But we often encounter a situation where we already have a Word Document and better, we have a table of contents, question is: how can we save the word document with the bookmarks converted automatically? It is also easy, provided that the headings are already in place to create the table of contents.
1. Choose the save as PDF option;
2. Under Options, choose save headings as books marks.
To make sure that when readers click on the PDF file uploaded onto the web, the navigation panel opens with the bookmarks panel, follow the steps:
1. in PDF, click File
3. Under initial view, choose navigation and page panel.
That is it.
CALI site has a polling tool that we can use to do a quick survey in class. Very handy for short survey. The link:
Read a news today that Bill & Melinda Gates Foundation funded a $800,000 research project conducted by MOOC Research Initiative. Have not read the report, but the themes for the research summarize nicely the things that an online education should focus on, namely: 1. student engagement and learning success, which not surprisingly should predominate; 2. course design and curriculum, critical if the courses are to succeed and this is the place where I see great emphasis whenever online program is mentioned; 3. self-regulated learning and social learning: here it touches on the learning style as well as learning process, 4: [have to admit that the next ones are a bit surprise to me]: social network analysis and networked learning, wonder what it is and what is exactly networked learning and finally 5. motivation, attitude and success criteria. By success criteria, I am sensing an effort to manage expectation, and not to blow or tout the online program out of water.
The report is available here.
Paperless exam offers many benefits and if handled well, can be a boon to both students and staff/faculties.
Benefits include: no need to print copies of the exams, wait at the printer, staple them, and if errors were found, reprints and re-staple; no need to hand out the exams, and of course no need to track the paper exams. All questions are online, so no worries that exam questions will leak out.
But to do it well, stars have to align correctly:
1. Faculty has to be comfortable with this format.
2. Administrative staff have to like it and are willing to pull the strings if need be.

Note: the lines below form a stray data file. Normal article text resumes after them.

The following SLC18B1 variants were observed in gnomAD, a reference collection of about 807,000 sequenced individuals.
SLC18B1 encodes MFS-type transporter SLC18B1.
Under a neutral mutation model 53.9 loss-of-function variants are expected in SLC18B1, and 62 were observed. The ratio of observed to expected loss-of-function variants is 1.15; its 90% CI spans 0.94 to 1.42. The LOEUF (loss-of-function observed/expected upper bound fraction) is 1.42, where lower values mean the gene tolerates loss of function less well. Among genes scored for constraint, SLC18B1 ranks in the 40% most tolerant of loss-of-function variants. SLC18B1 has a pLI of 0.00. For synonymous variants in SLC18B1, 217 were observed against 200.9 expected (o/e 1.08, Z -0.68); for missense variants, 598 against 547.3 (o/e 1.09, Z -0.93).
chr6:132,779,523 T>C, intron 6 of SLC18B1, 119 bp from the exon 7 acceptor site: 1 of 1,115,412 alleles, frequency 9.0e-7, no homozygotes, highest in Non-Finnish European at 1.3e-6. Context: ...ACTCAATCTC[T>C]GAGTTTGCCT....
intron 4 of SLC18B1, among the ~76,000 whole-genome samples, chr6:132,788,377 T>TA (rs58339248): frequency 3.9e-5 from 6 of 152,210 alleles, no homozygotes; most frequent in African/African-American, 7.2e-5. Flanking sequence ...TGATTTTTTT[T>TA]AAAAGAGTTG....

3. Somebody has to design the exams, mostly copy and paste.
Mechanics involved and tips for creating one in ExamSoft:
1. When creating questions, make sure to number the questions. With that, you can sort the questions in the assessment. For single digits,add 0, for instance, 1 will be 01.
2.Know the system and understand that icons: pen means editable, and magnifying glass means approved questions.
3. Only approved questions can be imported into assessment.
4. When post the assessment to a course, make sure not to post too early to avoid confusion or other mistakes by the students.
5. Most importantly: since all the questions and answers will be in the exam, rules have to be created to warn students that they could not start the exam, even by mistake before the designated time. There will be no second try at the exam.
6. To make the answer choice truly multiple, when designing the multiple or single answer choice, you have to click apply to all option on the left hand side of the screen. In this case, if the student only check 1 when two or more answers should be checked, no points will be given.
7. To enable easy sorting, add the number before the actual questions.
8. When manual posting, you have to enter a password for students to unlock before the exam. This is a cool feature, ensuring that the content will not be expose by accidents. But it also is unfamiliar with students. When texts are posted through flex test, no password is needed.
9. Assessment name and post name is different. After you post your assessment to a course, you can not chance the assessment name, but you can change the post name. So it might be nice to remember that when you first create the assessment, to use the regular naming convention.
10. The instructions can also be inserted into the beginning screen for the assessment.
[more insights to add when we finish the exams this semester]
The Honorable Margaret H. Chutich serves on the Minnesota Court of Appeals. Judge Chutich received a B.A. from the University of Minnesota in 1980, and a J.D. cum laudefrom the University of Michigan Law School in 1984. From 1996 to 2008, Judge Chutich served in the office of the Minnesota Attorney General, and worked in the office of the U.S. Attorney. In 2008, she was appointed assistant dean of the Humphrey School of Public Affairs at the University of Minnesota. On December 27, 2011, she was appointed to the appeals court by Gov. Mark Dayton.
Judge Chutich is committed to giving back to the community. She was the director of the YWCA of Minneapolis for a number of years. Judge Chutich also volunteered with the “Everybody Wins!” Reading Program. In addition, Judge Chutich is one of the mentors in University of St. Thomas School of Law mentor externship program.